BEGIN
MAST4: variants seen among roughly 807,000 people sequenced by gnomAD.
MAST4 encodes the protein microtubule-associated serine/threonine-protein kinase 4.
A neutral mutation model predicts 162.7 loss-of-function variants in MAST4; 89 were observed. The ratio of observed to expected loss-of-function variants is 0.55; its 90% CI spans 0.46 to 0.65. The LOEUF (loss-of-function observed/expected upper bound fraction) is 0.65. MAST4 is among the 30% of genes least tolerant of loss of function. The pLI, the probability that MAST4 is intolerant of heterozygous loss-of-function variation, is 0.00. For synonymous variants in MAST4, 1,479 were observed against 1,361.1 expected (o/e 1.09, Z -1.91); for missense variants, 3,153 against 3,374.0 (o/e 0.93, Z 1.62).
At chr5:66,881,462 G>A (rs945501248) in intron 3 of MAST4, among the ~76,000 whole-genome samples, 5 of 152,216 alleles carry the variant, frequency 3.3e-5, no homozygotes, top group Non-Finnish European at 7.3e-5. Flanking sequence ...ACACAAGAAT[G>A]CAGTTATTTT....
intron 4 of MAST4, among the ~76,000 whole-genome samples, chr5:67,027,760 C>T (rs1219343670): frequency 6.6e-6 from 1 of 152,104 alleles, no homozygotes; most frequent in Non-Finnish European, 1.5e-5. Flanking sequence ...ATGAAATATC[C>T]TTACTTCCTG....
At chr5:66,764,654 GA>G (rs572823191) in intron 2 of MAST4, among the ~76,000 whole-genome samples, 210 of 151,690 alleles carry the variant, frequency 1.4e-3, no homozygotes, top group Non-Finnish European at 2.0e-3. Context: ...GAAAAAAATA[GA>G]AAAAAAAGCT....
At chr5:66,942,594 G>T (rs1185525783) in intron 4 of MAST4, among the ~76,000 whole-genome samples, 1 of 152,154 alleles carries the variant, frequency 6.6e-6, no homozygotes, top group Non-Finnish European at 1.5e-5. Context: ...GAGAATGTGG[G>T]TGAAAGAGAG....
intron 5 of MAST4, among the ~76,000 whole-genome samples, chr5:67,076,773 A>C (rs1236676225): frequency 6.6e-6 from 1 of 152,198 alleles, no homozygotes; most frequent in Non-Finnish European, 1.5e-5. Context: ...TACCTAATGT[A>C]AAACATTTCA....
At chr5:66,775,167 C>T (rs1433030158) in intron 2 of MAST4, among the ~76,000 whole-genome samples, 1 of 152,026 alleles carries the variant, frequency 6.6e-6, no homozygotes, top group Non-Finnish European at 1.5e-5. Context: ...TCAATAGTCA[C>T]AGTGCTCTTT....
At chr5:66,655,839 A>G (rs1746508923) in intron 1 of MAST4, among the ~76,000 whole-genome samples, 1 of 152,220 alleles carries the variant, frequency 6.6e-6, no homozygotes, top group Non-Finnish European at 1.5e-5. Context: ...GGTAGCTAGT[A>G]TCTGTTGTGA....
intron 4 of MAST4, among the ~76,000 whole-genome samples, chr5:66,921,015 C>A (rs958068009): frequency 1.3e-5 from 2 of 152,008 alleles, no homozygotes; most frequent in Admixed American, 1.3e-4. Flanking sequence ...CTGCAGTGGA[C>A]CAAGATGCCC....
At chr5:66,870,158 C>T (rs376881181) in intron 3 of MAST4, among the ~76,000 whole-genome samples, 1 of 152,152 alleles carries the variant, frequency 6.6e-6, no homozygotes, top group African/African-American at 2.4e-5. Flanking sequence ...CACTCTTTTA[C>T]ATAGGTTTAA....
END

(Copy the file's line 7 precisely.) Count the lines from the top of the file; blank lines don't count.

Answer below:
At chr5:66,942,594 G>T (rs1185525783) in intron 4 of MAST4, among the ~76,000 whole-genome samples, 1 of 152,154 alleles carries the variant, frequency 6.6e-6, no homozygotes, top group Non-Finnish European at 1.5e-5. Context: ...GAGAATGTGG[G>T]TGAAAGAGAG....